02 November 2015 ~ 1 Comment

BT takeover of EE given provisional clearance by CMA

ee bt takeover

BT is set to become an even more dominant player in the fixed-line phones, broadband, mobile and TV market. The proposed merger of two of the UK’s largest telecommunications companies in a £12.5bn deal which sees the BT Group in a takeover of mobile phone network EE, has been given provisional clearance by the CMA, the competition watchdog.

The Competition and Markets Authority said the deal, agreed in February, was “not expected to result in a substantial lessening of competition” and did not propose any changes in the terms of the deal.

“The group does not provisionally believe that, in a dynamic and evolving sector, it is more likely than not that BT/EE will be able to use its position to damage competition or the interests of consumers,” John Wooton, chair of the CMA inquiry, said.

The CMA said the two firms operated largely in separate areas “with BT strong in supplying fixed communications services (voice, broadband and pay TV), EE strong in supplying mobile communications services, and limited overlap between them in both categories of service”.

BT chief executive Gavin Patterson said: “The combined BT and EE will be good for the UK, providing investment and ensuring consumers and businesses can benefit from further innovation in a highly competitive market”.

The market response to the announcement was immediate as shares in BT rose 4% to 470p within hours of the announcement.Telecoms giant BT announced in February that it had agreed to acquire EE with the deal expected to be completed next March.

The takeover more than trebles BT’s retail customers adding the 10 million it already had to EE’s 24.5 million direct mobile subscribers. BT has a tight hold on broadband services in the UK, being both the most significant provider of broadband services as well as the owner of most of the broadband infrastructure in the UK through its Openreach division. It also provides the capacity to mobile operators to transfer data from phone masts to other networks.

Openreach is still an ongoing concern for BT’s competitors. They would have preferred to see Openreach removed from BT so that it could operate completely independently. This matter is currently being reviewed by UK regulator Ofcom.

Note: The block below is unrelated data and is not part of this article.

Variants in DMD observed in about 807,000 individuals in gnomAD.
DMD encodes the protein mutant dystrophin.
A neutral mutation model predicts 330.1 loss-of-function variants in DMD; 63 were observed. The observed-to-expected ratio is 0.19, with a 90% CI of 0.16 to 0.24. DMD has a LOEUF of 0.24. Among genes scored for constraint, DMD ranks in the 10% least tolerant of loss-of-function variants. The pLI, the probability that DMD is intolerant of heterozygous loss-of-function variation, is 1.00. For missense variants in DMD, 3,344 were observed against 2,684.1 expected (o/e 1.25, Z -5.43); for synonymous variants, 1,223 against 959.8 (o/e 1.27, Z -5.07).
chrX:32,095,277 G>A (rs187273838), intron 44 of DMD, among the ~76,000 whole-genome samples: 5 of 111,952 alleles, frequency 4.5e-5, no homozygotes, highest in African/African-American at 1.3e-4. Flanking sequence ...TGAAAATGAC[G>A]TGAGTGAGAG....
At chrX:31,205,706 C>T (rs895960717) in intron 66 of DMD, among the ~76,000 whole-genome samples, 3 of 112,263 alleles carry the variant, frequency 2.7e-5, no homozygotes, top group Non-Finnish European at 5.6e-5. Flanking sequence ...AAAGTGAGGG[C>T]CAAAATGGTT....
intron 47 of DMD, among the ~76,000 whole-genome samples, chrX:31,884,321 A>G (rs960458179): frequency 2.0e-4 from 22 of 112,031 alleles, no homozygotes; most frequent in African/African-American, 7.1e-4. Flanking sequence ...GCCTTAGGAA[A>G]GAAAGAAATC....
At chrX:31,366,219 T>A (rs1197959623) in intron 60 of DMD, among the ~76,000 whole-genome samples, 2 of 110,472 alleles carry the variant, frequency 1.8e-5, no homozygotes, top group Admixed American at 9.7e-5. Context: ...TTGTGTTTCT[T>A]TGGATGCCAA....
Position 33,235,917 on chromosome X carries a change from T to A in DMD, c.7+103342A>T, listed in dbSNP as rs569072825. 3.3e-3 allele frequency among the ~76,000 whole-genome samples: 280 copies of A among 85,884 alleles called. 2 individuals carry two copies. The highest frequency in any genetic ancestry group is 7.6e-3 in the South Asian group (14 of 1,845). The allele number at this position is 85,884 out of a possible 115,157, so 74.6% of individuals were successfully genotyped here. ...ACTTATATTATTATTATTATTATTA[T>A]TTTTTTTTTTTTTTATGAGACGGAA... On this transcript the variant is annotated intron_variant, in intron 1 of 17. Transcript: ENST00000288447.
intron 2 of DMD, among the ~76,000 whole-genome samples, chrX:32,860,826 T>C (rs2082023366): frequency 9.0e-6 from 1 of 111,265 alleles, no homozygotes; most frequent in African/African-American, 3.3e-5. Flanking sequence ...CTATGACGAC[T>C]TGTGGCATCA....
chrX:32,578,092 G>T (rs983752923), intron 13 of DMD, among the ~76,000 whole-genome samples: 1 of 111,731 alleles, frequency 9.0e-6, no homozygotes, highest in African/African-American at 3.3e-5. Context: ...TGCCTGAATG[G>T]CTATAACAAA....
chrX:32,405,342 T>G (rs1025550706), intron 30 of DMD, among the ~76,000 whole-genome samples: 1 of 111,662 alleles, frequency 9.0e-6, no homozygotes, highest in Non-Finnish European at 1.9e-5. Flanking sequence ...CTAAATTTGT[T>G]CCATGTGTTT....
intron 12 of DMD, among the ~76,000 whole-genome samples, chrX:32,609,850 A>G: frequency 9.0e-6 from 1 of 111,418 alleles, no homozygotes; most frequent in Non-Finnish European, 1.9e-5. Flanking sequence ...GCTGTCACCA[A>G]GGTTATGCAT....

The deal would allow BT to offer customers so-called quad-play packages of TV, fixed-line phone, broadband and mobile, which competitors like Virgin Media and TalkTalk already do. The approval, albeit provisional, is expected to anger competitors who see the deal allowing for the creation of a dominant player across all telecoms sectors.

Through this huge takeover, BT is acknowledging the rapid growth of mobile connectivity and the inevitability of a convergence of fixed-line and mobile broadband. The likely scenario in a few years would be that customers would subscribe to a single data connectivity package which would give them access to communication channels inside and outside their homes through a combination of wired broadband, WiFi and 4G (or 5G?).

In reality, we’d argue that BT had no choice but to do this deal to secure its own future viability.

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28 January 2015 ~ 6 Comments

O2 acquired by Three Mobile

three o2 merger

Hutchinson Whampoa has been in talks to buy O2 for the last few weeks. It has been said by industry experts that the asking price is going to be about £9 billion. Some insiders have expressed surprise at the fact the smallest network in the UK is going to buy O2 who were whether pioneers of mobile telephony since its inception.

However, Telefonica – the owners of O2, are laden with outrageous amounts of debt and recently have been struggling as they are increasingly-desperate to raise some liquid funds. O2 currently has about twenty three million customers and the deal, if and when it’s completed, would be the largest consolidation merger in europe.

It has being an open secret in the industry that Telefonica have been trying to sell the UK branch of O2. The deal makes even more sense as it would give Three a much needed 2G capacity and also combine both networks’ 800 2 has traditionally struggled with having the capable and widespread 3G and 4G network and by combining his resources with Three hopefully will be up to provide this in the future.

Recently, there’s also been another massive acquisition in the mobile network market in the UK. The country’s biggest mobile operator, EE, is going to be purchased by BT in a £12.5 billion deal. This additional pressure on their rivals has probably led to this merger as it will be beneficial and allow better competition with the new mega network that would be formed. Indeed, analysts find it completely unsurprising in light of the new BT/EE partnership which would hold a combined share of over a third of the consumer mobile market.

There are risks that consolidating the amount of options available to the general public will result in decreased competition and as a result prices could rise. Additionally, Hutchison Whampoa owner Li Ka-Shing has a personal wealth of over £25 billion as well as a humongous property empire – it remains to be seen how committed he is to providing a quality service rather than simply making a return on his investments. It’s easy to argue that fewer players in the telecoms market is unlikely to be a positive development for consumers.

However, the poor quality and speed of O2‘s data network has been a bane for users for several years now. In comparison, Three has one of the best mobile data services available and also is much more generous with its bandwidth allowances.